first_imgBacteria send letters and parcels to one another.  Some of them are love letters, some of them are letter bombs.  This amazing packaged system of communication, separate from the mere sending of diffusible chemicals, was described in Nature1 with the title, “Microbiology: Bacterial speech bubbles.”  Stephen C. Winans described what is known about bacterial communication:Many bacteria socialize using diffusible signals.  But some of these messages are poorly soluble, so how do they move between bacteria?  It seems they can be wrapped up in membrane packages instead.   (Emphasis added in all quotes.)He said that two research studies in the same issue of Nature, one on how bacteria talk to their friends, and another on how they attack their enemies, met in an “unexpected convergence.”  One type of parcel, for instance, is “released in bubble-like ‘vesicles’ that also contain antibacterial agents and probably toxins aimed at host tissue cells as well.”    Through this form of packaged communication, a community of microbes engages in “quorum sensing” to detect whether it is alone or surrounded by its own kind or other species.  Some genes only turn on when there is a quorum reached.  One of these Winans mentioned is bioluminescence – turning on the lights.    The parcels can contain chemicals, proteins, toxins and other molecules in a lipid envelope.  The packaging permits delivery of proteins and chemicals that otherwise might be insoluble.  Some bacteria have three separate kinds of signal parcels.  The packages form lipid bubbles around them as they emerge from the bacterial membrane.  These can merge with a friendly neighbor or, depending on the need of the moment, deliver a toxin to an enemy – a package bomb on the scale of bacteria.    To work, the system requires multiple parts: the contents, the packaging, the delivery method, and the response to received parcels.  Winans did not speculate on how this system might have evolved, other than to say, “Various groups of bacteria use diffusible chemicals to signal to their own kind, and this method of communication seems to have evolved independently several times.”1Stephen C. Winans, “Microbiology: Bacterial speech bubbles,” Nature, 437, 330 (15 September 2005) | doi: 10.1038/437330a.This is an interesting phenomenon that deserves further investigation by science and medicine.  Since humans are sometimes targets of the toxins delivered by these vesicles, interrupting or targeting the bacterial UPS might lead to cures for disease.  Was this system originally a beneficial delivery service that got co-opted for harm?  It seems unlikely that a mindless bacterium could come up with such a complex system of interacting parts once, let alone several times, by an evolutionary process of trial and error.    It’s a stunning thought to envision lowly bacteria with a social life and a coordinated, effective package delivery system.  Rather than assuming it arose spontaneously as an opportunistic mechanism for serving the bacterial “self,” perhaps it is best to look at this phenomenon from the vantage point of systems biology (06/15/2005, 06/20/2005).  What role might it play in the bigger picture?    “Attacking and killing enemies” is a metaphor with metaphysical baggage (see “Metaphors Bewitch You,” 07/04/2003).  Another way of thinking about the “parcel bombs” might be with the give-and-take metaphor of action/reaction, feedback/feedforward, agonist/antagonist – i.e., a sensory mechanism of messages and responses that keeps a larger dynamic system in balance (homeostasis).  Such balancing interactions take place at many levels in biology, from interactions between molecules and proteins within the cell all the way up to interactions between higher organisms.  If too much of one side causes pain and suffering, that does not preclude the possibility that, in balance, the operation had a beneficial role.    An evolutionist would undoubtedly study this bacterial UPS as a byproduct of selfish genes at work trying to ensure their own survival.  A design theorist could continue investigating it with just as much curiosity and enthusiasm, but without the tunnel vision of Darwinian self-centeredness.  He or she would ask, in the big picture, what role does it play, and has that role gone awry? (Visited 6 times, 1 visits today)FacebookTwitterPinterestSave分享0last_img read more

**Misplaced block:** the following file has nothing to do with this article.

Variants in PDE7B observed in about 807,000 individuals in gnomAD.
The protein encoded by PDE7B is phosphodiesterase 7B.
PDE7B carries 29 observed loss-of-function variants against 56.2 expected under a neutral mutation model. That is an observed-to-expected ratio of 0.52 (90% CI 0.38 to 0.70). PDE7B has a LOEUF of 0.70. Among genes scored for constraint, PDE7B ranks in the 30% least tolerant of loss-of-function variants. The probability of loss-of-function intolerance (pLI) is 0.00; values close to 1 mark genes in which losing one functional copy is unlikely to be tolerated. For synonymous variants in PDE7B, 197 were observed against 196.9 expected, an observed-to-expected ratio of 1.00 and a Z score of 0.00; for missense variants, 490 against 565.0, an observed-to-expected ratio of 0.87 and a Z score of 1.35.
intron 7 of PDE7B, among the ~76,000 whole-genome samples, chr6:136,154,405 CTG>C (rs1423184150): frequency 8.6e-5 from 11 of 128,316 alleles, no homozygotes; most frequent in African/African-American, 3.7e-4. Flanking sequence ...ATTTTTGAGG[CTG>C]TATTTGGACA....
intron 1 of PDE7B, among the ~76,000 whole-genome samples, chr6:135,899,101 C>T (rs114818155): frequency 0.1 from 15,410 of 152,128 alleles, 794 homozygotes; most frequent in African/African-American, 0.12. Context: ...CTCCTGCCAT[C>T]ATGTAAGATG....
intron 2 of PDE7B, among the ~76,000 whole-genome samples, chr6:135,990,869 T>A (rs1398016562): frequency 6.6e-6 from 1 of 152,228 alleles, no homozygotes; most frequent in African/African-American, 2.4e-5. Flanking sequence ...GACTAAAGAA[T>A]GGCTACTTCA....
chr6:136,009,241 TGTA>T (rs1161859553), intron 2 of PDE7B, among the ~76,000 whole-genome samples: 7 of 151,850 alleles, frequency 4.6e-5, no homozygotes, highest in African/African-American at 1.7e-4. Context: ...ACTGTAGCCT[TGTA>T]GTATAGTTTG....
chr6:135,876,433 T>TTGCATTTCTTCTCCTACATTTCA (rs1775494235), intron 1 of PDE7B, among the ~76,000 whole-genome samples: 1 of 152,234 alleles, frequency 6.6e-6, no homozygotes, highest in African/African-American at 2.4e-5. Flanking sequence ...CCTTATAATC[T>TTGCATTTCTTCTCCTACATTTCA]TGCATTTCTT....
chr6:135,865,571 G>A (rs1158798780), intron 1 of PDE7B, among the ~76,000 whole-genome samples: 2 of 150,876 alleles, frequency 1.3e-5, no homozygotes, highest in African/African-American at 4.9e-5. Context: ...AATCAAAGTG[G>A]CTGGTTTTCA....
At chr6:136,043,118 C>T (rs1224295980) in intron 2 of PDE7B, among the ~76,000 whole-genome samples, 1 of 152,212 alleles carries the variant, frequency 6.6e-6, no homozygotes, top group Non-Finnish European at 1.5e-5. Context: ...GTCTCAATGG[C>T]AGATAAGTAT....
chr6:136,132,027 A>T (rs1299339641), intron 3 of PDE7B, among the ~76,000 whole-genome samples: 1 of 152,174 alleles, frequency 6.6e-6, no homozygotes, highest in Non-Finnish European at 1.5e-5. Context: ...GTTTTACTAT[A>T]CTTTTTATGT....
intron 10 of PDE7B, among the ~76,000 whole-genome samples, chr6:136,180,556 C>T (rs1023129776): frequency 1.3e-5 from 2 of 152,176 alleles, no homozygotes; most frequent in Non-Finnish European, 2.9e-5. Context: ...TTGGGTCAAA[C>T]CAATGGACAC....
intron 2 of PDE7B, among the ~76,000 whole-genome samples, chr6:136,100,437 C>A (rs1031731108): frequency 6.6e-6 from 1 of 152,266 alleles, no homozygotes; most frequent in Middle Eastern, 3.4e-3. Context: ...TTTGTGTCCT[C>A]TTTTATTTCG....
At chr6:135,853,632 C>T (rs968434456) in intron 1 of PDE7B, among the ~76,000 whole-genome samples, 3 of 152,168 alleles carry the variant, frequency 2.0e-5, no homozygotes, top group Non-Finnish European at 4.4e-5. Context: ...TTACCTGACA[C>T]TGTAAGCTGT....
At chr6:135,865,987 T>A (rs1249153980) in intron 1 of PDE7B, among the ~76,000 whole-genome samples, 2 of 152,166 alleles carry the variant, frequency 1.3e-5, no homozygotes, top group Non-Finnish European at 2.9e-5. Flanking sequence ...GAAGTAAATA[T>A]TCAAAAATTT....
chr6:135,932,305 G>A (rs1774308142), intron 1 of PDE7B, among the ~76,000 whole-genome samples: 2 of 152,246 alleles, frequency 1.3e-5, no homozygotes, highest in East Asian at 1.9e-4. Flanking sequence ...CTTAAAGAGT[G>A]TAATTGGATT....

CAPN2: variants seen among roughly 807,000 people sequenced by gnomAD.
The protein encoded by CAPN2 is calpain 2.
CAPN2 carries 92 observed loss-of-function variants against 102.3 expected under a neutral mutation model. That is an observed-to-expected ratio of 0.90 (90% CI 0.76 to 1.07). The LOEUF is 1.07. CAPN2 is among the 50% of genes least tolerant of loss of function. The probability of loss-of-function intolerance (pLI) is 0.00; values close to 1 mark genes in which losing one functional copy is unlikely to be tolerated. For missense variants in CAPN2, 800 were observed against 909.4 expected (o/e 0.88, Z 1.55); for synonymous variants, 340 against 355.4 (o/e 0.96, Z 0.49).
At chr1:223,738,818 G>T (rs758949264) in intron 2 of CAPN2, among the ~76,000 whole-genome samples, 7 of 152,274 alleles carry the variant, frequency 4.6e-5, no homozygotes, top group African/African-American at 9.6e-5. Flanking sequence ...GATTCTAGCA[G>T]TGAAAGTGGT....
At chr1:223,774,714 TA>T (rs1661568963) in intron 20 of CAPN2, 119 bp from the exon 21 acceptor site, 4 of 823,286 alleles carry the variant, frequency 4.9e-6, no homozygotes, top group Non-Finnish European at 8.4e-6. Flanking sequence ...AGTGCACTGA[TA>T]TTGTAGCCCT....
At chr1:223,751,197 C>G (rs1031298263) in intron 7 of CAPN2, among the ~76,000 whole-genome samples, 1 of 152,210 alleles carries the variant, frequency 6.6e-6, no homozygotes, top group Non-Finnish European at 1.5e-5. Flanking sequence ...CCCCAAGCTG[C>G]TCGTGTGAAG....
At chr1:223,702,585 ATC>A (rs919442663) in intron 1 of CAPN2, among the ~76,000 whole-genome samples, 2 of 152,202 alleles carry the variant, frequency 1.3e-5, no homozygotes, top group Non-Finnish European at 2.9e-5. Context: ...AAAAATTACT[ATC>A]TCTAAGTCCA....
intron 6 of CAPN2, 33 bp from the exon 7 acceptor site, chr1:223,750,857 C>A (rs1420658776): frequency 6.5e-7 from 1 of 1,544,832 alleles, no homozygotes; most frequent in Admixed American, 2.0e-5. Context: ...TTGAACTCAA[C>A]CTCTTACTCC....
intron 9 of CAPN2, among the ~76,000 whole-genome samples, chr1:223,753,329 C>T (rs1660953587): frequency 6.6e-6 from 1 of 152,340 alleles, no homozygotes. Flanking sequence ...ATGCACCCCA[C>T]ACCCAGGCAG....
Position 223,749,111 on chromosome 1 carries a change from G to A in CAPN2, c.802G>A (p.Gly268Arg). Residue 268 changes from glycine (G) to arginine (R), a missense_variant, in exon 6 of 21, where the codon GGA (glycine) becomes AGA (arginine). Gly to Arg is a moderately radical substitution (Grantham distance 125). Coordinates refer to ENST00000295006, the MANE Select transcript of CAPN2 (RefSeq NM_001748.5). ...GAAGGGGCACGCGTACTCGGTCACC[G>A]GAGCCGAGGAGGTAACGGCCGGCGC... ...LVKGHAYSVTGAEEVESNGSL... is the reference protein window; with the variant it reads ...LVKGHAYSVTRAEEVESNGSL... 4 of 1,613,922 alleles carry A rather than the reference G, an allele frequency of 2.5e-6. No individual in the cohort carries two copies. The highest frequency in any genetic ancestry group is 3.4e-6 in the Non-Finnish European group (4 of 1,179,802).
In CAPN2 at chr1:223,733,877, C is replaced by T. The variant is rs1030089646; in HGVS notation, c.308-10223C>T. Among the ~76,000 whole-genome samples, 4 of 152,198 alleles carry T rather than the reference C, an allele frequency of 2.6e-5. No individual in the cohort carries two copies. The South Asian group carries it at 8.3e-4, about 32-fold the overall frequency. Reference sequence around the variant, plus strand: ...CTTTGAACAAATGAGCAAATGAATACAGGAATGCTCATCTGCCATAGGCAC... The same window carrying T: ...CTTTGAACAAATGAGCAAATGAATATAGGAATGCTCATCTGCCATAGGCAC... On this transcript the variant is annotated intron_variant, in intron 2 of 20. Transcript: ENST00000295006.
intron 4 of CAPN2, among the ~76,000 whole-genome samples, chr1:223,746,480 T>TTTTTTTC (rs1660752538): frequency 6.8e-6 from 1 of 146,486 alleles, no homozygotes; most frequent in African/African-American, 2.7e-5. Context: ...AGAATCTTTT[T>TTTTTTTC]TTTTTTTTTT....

Local innovation is filling the small farm implement gap

first_imgShare Facebook Twitter Google + LinkedIn Pinterest Over the past several years, small and mid-sized tractors have inundated the marketplace as more small-scale and organic farmers begin to update their equipment. As sales of lower horse powered machines climb, Bellevue farmer Jeff Sberna has noticed that the implement side of the farm manufacturing sector wasn’t following suit, so he designed a concept for a compact aeration tool.“I have always has small equipment and never really had anything to break the sub dirt with,” said Sberna, who came up with the concept of the J & D Farm Built chisel ripper. “This unit is a hybrid and is designed to take the place of a chisel plow and a subsoiler. It will maintain a depth of 13 to 14 inches without re-compaction and is great on fuel efficiency.”The six-foot chisel ripper was on display recently at Farm Science Review. Sberna recommends that unit for a small, niche and organic farms with 20 to 30 acres to cover. He also designed a larger unit that includes coulters and is a little more complex.“When I first ran a prototype over my farm the goal was to get some of the hard pan broken down to help resolve some drainage issues,” Sberna said. “Then I noticed they way that it aerates using forward shatter and it doesn’t just roll the dirt up.”The Sberna family has a deep tradition of being creative when it comes to custom building implements that filled a need for their farm at any particular time. That innovative philosophy of building what you need when you need it dates back to Sberna’s grandfather and then to his father.“When I was younger, I worked construction and in the winter months my Dad was always looking for something new to fabricate and that’s how I got the bug,” Sberna said. “We would haul some older equipment home from another farm or bring in a truckload of materials and my Mom would always ask what in the world we were going to do with it. We just told her ‘you’ll see’”.You can learn more about the J & D Farm Build chisel ripper here.last_img read more

Geocaching.com Presents: Finding a Trackable – What to Do?

first_imgWatch this video to show you what to do when you encounter Geocaching.com Trackables in a geocache. Learn the two options you can choose from to help make the most of a Trackable’s journey. Trackables add an exciting dimension of world exploration to the hobby. Each Trackable has a unique code that allows its movements to be tracked on Geocaching.com. The Trackable’s owner can drop it in a cache and then watch as geocachers help the Trackable wander the globe by moving it from cache to cache. Most Trackables are assigned goals that direct them to specific areas. SharePrint RelatedTrackable EtiquetteNovember 24, 2010In “Learn”Everything You Ever Needed to Know about Trackables – A Geocaching.com PresentationSeptember 20, 2012In “Learn”Five reminders about trackablesAugust 28, 2018In “News” Click the image to see what to do after you find a TrackableInterested in  a Trackable of your own? Check out the Trackables collection of more than 100 items at Shop Geocaching.Subscribe to the official Geocaching.com YouTube channel to be one of the first to see new videos about the evolving world of geocaching. Watch the more than 50 videos produced by Geocaching.com on our video page.Share with your Friends:Morelast_img read more